• How to determine the dimension of the null space and find its basis.
• How is the null space related to the uniqueness of solution to the linear system Ax=b
• What is the column space, how to check if a vector belongs to the column space.
• How to determine the dimension of the column space and find its basis.
• How is the column space related to the existence of solution to the linear system Ax=b
• How is the null space related to the kernel of the linear transformation T(x)=Ax
• How is the column space related to the range of the linear transformation T(x)=Ax
• What is the rank of a matrix, and its implications for the existence and uniqueness of solution to the linear system Ax = b.
• What does it mean for a matrix to have full rank or be rank-deficient.
• The Rank Theorem.

## Unit 4

### Section 16 (Eigenproblems I)

• What is an eigenproblem.
• About important applications of eigenproblems in various areas of science and engineering.
• How to verify if a given vector is an eigenvector, and if a given value is an eigenvalue.
• How to calculate eigenvalues and eigenvectors.
• About the characteristic polynomial and characteristic equation.
• How to handle matrices with repeated eigenvalues.
• About algebraic and geometric multiplicity of eigenvalues.
• How to determine algebraic and geometric multiplicity of eigenvalues.
• How to find a basis of an eigenspace.

### Section 17 (Eigenproblems II)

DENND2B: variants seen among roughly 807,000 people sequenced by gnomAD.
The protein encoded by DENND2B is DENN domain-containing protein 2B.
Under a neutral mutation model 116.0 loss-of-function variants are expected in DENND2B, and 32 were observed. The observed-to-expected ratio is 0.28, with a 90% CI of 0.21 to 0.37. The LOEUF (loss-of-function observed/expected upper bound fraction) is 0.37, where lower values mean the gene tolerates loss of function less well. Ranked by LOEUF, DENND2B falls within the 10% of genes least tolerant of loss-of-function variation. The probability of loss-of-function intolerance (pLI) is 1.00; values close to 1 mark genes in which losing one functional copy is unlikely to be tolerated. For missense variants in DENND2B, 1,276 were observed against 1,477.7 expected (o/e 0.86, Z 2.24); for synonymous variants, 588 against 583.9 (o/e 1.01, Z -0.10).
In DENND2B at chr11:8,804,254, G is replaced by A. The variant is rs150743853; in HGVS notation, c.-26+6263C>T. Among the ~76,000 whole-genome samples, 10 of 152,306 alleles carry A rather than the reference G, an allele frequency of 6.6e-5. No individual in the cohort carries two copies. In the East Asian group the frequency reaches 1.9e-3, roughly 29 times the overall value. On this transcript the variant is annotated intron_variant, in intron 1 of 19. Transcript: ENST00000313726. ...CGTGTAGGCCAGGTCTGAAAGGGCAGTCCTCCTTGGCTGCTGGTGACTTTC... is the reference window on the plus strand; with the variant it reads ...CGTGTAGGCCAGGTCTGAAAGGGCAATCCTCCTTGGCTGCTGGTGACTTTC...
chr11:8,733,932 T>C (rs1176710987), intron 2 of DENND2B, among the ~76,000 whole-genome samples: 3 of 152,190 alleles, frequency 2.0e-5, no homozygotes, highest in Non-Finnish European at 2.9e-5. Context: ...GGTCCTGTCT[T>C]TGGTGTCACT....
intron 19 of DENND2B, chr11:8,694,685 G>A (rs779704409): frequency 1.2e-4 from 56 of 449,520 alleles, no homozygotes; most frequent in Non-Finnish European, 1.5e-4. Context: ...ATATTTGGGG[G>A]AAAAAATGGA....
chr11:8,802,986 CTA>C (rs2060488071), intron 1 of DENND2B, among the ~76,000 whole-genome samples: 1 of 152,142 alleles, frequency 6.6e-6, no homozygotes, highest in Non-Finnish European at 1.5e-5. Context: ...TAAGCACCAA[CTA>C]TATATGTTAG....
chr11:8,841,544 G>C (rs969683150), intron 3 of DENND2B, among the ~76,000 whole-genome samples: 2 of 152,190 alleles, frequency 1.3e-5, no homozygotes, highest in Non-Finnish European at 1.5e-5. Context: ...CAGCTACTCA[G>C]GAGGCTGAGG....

• The geometrical meaning of eigenvalues and eigenvectors in R2 and R3.
• That a matrix is singular if and only if it has a zero eigenvalue.
• That the null space of a matrix is the eigenspace corresponding to the zero eigenvalue.
• That eigenvectors corresponding to different eigenvalues are linearly independent.
• The Cayley–Hamilton theorem (CHT).
• How to use the CHT to efficiently calculate matrix inverse.
• How to use the CHT to efficiently calculate matrix powers and matrix exponential.
• About similar matrices, diagonalizable matrices, and eigenvector basis.
• How to use the eigenvector basis to efficiently calculate arbitrary matrix functions including matrix powers, the inverse matrix, matrix exponential, the square root of a matrix, etc.

### Section 18 (Complex Linear Systems)

• About complex numbers and basic complex arithmetic.
• How to solve complex linear equations with real and complex coefficients.
• How to solve complex linear systems with real and complex matrices.
• How to perform complex elementary row operations.
• How to determine the rank of a complex matrix.
• How to check if a complex matrix is nonsingular.
• How to use the Cramer’s rule for complex matrices.
• How to check if complex vectors are linearly independent.
• How to invert complex matrices.
• How to transform complex linear systems into real ones.
• About the structure of complex roots of real-valued polynomials.
• About complex eigenvalues and eigenvectors of real matrices.
• How to diagonalize matrices with complex eigenvalues.

### Section 19 (Normed Spaces, Inner Product Spaces)

• Important properties of the Euclidean norm and dot product in Rn
• The Cauchy-Schwarz inequality and triangle inequality.
• How are norm and inner product defined and used in general linear spaces.
• About important norms and inner products in spaces of matrices and polynomials.
• How to calculate norms, distances and angles of matrices and polynomials.
• That every inner product induces a norm, but not every norm induces an inner product.
• About the norm and inner product of complex vectors in Cn.
• About the norm and inner product in general complex linear spaces.

### Section 20 (Orthogonality and Best Approximation)

• About orthogonal complements and orthogonal subspaces.
• How to find a basis in an orthogonal complement.
• That Row(A) and Nul(A) of a m×n matrix A are orthogonal complements in Rn.
• About orthogonal sets and orthogonal bases.
• About orthogonal decompositions and orthogonal projections on subspaces.